research expedition to save North Atlantic right whales from extinction
North Atlantic right whales are on the brink of extinction. With fewer than 340 remaining, every whale is vital to the species’ survival.
Whale migration patterns are changing. North Atlantic right whales are now seen—and killed—in areas heavily used by fishing and shipping industries.
IFAW commissioned the Song of the Whale to study North Atlantic right whales through shipping corridors and fishing grounds during this year’s migration. From January through August, Song of the Whale will follow mothers and their calves along the eastern coast of the United States.
what is threatening North Atlantic right whales?
Vessel strikes and entanglement in outmoded fishing gear result in fatal injuries and increased risk of drowning or slowly starving to death.
Because human actions are pushing these whales to extinction, we can—and must—make changes that will protect and conserve them.
there are fewer than 340 right whales left
help us save the critically endangered North Atlantic right whale from extinction.
fast facts about Song of the Whale
- 70-foot sailboat and floating research station
- commissioned by IFAW in 2002 to replace the original Song of the Whale, built in 1987
- quiet and non-invasive, with features to reduce noise pollution including vibration-dampening engine mounts, a five-bladed propeller similar to that of a stealth submarine, and state-of-the-art exhaust systems
- able to monitor whales in inclement weather, at night, and in difficult-to-reach areas
- can deploy to port entrances and shipping channels to “babysit” mothers and their calves, protecting them from getting struck in these dangerous areas
- has visited 25+ countries to study marine mammals, raise awareness, and conduct outreach to local communities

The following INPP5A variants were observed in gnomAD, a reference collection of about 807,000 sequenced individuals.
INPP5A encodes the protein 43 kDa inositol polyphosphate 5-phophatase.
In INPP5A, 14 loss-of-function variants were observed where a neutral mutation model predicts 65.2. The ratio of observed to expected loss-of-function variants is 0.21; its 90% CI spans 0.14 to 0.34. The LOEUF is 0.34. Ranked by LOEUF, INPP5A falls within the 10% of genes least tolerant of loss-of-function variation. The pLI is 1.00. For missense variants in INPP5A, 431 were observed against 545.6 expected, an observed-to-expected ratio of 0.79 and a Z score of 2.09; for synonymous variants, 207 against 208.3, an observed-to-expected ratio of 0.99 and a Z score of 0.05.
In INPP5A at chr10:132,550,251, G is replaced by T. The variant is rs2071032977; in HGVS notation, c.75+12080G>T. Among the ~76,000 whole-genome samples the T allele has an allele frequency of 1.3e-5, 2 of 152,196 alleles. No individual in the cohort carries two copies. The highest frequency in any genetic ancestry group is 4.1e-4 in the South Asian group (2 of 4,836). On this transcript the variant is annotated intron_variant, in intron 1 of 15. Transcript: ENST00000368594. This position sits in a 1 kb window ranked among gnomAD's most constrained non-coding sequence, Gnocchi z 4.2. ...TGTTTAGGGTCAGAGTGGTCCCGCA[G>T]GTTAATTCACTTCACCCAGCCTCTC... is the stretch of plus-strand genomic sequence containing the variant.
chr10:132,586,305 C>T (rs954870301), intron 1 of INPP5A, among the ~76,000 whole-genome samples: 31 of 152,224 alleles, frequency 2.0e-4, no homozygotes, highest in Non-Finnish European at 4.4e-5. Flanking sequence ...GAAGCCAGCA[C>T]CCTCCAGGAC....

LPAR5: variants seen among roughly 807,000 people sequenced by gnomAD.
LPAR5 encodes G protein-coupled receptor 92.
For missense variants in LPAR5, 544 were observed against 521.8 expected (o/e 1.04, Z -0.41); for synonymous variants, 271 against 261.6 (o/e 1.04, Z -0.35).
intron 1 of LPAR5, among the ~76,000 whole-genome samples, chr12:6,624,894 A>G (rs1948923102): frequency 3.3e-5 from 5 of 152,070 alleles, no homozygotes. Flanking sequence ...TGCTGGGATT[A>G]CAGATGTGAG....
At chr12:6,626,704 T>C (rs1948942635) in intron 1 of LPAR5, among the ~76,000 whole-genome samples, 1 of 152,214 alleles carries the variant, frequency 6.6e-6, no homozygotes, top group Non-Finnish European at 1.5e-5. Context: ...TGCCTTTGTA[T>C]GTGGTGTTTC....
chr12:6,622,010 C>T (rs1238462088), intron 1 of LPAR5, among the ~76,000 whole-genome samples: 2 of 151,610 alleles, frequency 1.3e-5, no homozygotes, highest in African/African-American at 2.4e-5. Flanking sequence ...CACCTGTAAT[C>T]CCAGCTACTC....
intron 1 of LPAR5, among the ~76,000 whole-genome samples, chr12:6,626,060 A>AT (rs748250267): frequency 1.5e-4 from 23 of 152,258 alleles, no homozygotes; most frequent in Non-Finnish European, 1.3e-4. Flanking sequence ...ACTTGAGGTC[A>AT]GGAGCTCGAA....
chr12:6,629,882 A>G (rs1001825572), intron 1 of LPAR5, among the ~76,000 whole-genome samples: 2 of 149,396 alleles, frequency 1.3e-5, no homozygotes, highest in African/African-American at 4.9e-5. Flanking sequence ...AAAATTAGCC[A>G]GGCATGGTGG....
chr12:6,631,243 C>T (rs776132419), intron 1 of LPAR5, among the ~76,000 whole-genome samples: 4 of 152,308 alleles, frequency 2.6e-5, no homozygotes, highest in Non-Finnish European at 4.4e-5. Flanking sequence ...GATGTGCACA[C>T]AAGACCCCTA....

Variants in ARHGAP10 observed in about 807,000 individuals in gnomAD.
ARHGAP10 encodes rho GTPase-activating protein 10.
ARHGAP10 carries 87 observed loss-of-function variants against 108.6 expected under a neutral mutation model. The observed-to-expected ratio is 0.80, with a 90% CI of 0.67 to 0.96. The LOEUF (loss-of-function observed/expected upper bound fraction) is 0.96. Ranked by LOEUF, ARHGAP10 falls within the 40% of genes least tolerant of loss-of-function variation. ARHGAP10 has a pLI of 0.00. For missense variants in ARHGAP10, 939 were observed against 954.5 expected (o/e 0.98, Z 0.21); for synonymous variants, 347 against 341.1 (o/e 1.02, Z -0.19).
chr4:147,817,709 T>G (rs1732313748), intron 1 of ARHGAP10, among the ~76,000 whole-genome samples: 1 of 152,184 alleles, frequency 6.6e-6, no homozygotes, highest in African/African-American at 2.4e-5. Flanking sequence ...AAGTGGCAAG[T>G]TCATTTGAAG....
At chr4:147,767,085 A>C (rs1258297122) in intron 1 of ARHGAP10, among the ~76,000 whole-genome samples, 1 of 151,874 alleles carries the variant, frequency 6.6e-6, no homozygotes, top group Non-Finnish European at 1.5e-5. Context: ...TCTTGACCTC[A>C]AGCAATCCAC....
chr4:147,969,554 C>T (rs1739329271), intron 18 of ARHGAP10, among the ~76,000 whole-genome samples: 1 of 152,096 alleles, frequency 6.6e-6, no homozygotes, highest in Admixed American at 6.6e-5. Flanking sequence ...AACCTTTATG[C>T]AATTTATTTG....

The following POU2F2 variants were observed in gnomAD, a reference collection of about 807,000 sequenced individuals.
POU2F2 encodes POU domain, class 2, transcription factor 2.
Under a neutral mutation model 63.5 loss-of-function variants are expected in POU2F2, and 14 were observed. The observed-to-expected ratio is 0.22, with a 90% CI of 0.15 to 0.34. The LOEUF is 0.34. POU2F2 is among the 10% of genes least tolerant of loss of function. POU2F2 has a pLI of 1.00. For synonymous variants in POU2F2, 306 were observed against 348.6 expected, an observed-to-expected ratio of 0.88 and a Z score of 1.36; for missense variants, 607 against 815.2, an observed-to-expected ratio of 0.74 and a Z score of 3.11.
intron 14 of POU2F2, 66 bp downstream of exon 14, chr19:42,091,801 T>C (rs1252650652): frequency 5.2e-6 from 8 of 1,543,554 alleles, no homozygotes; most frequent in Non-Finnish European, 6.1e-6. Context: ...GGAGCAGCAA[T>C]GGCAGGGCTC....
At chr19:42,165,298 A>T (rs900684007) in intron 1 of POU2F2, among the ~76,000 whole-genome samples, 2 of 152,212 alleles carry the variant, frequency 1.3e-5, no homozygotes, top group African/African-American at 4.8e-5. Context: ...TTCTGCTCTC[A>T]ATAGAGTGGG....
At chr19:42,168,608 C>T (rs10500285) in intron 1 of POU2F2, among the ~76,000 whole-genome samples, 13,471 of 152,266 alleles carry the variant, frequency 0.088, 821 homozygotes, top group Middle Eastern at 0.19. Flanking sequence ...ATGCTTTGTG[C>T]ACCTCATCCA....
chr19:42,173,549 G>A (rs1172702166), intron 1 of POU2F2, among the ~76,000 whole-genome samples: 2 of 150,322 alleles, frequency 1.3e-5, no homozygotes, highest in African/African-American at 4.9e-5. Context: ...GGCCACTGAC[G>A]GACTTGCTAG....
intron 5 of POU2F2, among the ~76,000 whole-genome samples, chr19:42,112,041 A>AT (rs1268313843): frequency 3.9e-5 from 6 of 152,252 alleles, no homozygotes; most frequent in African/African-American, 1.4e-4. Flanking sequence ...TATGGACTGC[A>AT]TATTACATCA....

- granted to Marine Conservation Research International in 2014 to maximize its capabilities
how will research conducted on the Song of the Whale help?
The team’s research will help us understand how and where to reduce the life-threatening risks these whales face every day by focusing on:
- round-the-clock surveying to collect data on where the whales are and their vocalisations, health, habitat use, and threats, including underwater noise, vessel strikes, and entanglement risk
- human actions near the mothers and calves—for example, the speeds and noise produced by vessels that operate in the areas
follow North Atlantic right whales during their epic migration.Stay up to date on Song of the Whale’s journey and IFAW’s work around the world.
how can you help IFAW save the North Atlantic right whale from extinction?
With further insights into North Atlantic right whales and the risks they face, we can create targeted plans to reduce those risks. Those plans could include advocating for policy changes—such as mandatory speed restrictions for vessels during certain crucial weeks—or funding new technologies.
For example, IFAW collaborates with the fishers and manufactures who are pioneering innovative gear technology to better advocate for a practical solution that keeps mariners and fishers on the water while also protecting right whales.
IFAW-led research and initiatives like this help to advance the field of marine mammal conservation. But we can’t do it alone.
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